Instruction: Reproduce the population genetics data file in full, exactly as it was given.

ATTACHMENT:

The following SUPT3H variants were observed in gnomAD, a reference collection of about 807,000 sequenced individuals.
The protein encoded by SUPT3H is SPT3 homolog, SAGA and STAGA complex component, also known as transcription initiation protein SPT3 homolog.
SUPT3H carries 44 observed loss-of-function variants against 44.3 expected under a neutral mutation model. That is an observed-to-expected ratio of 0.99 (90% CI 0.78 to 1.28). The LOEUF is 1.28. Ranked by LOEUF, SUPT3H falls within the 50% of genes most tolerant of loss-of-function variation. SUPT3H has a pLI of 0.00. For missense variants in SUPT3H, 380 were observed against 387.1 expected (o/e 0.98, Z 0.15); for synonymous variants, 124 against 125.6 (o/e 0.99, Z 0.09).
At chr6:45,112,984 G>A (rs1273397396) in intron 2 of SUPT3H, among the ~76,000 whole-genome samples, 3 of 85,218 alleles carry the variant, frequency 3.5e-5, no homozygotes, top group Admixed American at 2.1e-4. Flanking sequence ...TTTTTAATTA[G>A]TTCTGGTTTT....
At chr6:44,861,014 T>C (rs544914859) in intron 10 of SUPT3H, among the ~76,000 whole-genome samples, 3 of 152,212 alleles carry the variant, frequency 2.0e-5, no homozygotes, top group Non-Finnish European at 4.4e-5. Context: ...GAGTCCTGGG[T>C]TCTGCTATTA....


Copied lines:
The following SUPT3H variants were observed in gnomAD, a reference collection of about 807,000 sequenced individuals.
The protein encoded by SUPT3H is SPT3 homolog, SAGA and STAGA complex component, also known as transcription initiation protein SPT3 homolog.
SUPT3H carries 44 observed loss-of-function variants against 44.3 expected under a neutral mutation model. That is an observed-to-expected ratio of 0.99 (90% CI 0.78 to 1.28). The LOEUF is 1.28. Ranked by LOEUF, SUPT3H falls within the 50% of genes most tolerant of loss-of-function variation. SUPT3H has a pLI of 0.00. For missense variants in SUPT3H, 380 were observed against 387.1 expected (o/e 0.98, Z 0.15); for synonymous variants, 124 against 125.6 (o/e 0.99, Z 0.09).
At chr6:45,112,984 G>A (rs1273397396) in intron 2 of SUPT3H, among the ~76,000 whole-genome samples, 3 of 85,218 alleles carry the variant, frequency 3.5e-5, no homozygotes, top group Admixed American at 2.1e-4. Flanking sequence ...TTTTTAATTA[G>A]TTCTGGTTTT....
At chr6:44,861,014 T>C (rs544914859) in intron 10 of SUPT3H, among the ~76,000 whole-genome samples, 3 of 152,212 alleles carry the variant, frequency 2.0e-5, no homozygotes, top group Non-Finnish European at 4.4e-5. Context: ...GAGTCCTGGG[T>C]TCTGCTATTA....